EIGHT newspaper sites in the top 30 experienced drops in monthly unique visitors in April, according to Nielsen Online—and at least two are already protesting. The April stats and the protests were reported by Nielsen sibling E&P, which said the New York Times, whose nytimes.com was down 8 percent, and SeattlePI.com, down 17 percent, dispute the results.
Nielsen reports that NYTimes.com, consistently the highest-ranking newspaper site and still far ahead of #2 WSJ.com, dropped year-over-year to 16.5 million monthly uniques in April 2009. But NYT spokeswoman Diane McNulty told E&P the numbers don’t track with three independent sources or with internal numbers: “We believe their data is in error.” She added that the paper is checking the methodology.
Meanwhile, WSJ.com isn’t likely to complain too loud: buoyed by a redesign and a major boost in multimedia, the Dow Jones (NYSE: NWS) site posted a 160 percent gain to 12.4 million. The news prompted an internal memo (via Beet.TV) by editors Alan Murray and Almar Latour, talking about the “significant milestone” but mentioning the Nielsen issues. They’re take: “The Nielsen numbers have their problems. Our internal metrics suggest an much larger audience. Yet the base is consistent, so the trends are real.” Either way, boy, are they going to hate next year’s comps.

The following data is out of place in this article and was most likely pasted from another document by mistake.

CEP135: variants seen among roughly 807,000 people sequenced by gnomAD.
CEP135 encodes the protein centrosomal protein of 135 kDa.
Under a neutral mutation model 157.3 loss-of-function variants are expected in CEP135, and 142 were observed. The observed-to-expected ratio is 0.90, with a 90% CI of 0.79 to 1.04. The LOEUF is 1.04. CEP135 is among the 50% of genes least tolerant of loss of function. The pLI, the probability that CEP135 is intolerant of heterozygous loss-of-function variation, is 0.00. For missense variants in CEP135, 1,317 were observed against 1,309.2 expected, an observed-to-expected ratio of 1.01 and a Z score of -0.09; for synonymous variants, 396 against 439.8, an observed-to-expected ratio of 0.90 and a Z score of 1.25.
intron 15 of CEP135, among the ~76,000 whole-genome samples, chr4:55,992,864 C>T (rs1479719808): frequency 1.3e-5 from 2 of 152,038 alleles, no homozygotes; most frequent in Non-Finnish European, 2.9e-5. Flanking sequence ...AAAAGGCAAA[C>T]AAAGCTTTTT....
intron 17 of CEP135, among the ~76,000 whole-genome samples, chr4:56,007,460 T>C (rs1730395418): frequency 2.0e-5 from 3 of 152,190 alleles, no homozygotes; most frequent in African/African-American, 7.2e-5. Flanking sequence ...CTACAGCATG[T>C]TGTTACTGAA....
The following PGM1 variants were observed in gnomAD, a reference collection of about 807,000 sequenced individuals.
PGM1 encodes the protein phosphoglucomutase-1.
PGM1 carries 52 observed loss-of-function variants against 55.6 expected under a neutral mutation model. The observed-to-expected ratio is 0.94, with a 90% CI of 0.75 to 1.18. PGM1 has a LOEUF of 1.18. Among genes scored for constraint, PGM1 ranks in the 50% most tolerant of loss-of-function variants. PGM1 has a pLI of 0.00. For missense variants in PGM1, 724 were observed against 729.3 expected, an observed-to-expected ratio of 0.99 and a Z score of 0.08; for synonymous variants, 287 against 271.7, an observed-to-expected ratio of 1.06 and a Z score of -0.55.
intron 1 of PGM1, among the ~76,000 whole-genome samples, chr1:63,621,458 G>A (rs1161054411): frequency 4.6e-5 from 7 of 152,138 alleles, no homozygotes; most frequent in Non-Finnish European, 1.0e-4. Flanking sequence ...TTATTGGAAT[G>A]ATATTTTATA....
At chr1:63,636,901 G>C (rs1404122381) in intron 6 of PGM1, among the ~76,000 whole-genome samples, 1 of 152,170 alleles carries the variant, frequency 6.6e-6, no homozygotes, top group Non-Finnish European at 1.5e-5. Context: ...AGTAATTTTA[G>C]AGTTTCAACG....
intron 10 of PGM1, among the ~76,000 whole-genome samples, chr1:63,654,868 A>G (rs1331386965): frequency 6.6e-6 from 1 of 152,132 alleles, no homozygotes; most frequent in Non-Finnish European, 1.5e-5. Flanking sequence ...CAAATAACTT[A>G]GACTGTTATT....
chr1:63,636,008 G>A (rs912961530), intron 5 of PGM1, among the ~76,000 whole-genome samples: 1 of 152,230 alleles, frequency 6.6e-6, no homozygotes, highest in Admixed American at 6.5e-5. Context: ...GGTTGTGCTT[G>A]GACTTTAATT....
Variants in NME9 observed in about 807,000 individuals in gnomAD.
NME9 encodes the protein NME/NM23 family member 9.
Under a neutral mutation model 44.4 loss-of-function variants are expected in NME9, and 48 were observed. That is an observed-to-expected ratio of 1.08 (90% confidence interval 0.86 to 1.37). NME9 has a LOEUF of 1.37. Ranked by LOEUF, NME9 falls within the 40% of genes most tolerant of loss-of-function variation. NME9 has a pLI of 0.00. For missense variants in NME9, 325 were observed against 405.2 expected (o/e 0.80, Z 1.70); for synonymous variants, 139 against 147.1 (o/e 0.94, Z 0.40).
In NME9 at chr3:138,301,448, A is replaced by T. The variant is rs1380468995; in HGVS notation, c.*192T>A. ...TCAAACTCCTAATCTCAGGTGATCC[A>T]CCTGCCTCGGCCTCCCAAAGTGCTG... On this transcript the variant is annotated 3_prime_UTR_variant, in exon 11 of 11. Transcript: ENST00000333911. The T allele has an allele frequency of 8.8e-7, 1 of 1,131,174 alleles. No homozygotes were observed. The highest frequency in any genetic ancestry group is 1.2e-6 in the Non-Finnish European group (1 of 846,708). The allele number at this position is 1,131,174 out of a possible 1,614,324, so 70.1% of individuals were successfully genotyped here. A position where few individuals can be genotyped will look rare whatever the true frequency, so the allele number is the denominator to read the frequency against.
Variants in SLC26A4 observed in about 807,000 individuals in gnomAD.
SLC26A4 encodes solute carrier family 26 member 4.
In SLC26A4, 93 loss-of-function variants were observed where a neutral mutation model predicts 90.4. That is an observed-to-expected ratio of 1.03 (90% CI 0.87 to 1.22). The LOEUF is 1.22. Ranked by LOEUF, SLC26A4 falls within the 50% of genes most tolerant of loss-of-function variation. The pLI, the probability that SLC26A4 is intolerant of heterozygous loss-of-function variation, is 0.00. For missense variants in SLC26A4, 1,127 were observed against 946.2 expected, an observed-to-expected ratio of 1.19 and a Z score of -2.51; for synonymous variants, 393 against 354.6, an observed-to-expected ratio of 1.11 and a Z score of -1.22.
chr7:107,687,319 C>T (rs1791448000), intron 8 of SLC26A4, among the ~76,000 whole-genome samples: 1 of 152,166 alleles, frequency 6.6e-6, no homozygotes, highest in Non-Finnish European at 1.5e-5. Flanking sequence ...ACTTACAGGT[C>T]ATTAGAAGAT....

—Web-only results: SeattlePI.com was back in the top 30 after a stay at #32 but Nielsen claimed a drop in uniques for the second month since the Hearst news outlet went web-only. Nielsen said the site dropped 23 percent in March to 1.4 million; the print edition ceased March 17. In April, according to the service, the site dropped 17 percent year-over-year to 1.4 million. The site disputes both reports, saying its internal numbers showed 4.3 million uniques in April for a slight 1 percent gain year-over-year and 4.5 million in March, up nearly 10 percent. Sequentially, Hearst’s own numbers show a decrease from month to month.
— Mileage may vary: It’s not unusual for internal metrics and independent metrics to vary but often the difference is one of sheer numbers, not an up or down trajectory. It’s also not unusual for media outlets—or other sites that rely on traffic for advertising rates—to find fault with the indies. Late last week, executives at video joint venture Hulu raised issues about the Nielsen VideoCensus report that it lost unique visitors in April, dropping from 9.5 million in February to 8.9 million in March and 7.4 million in April.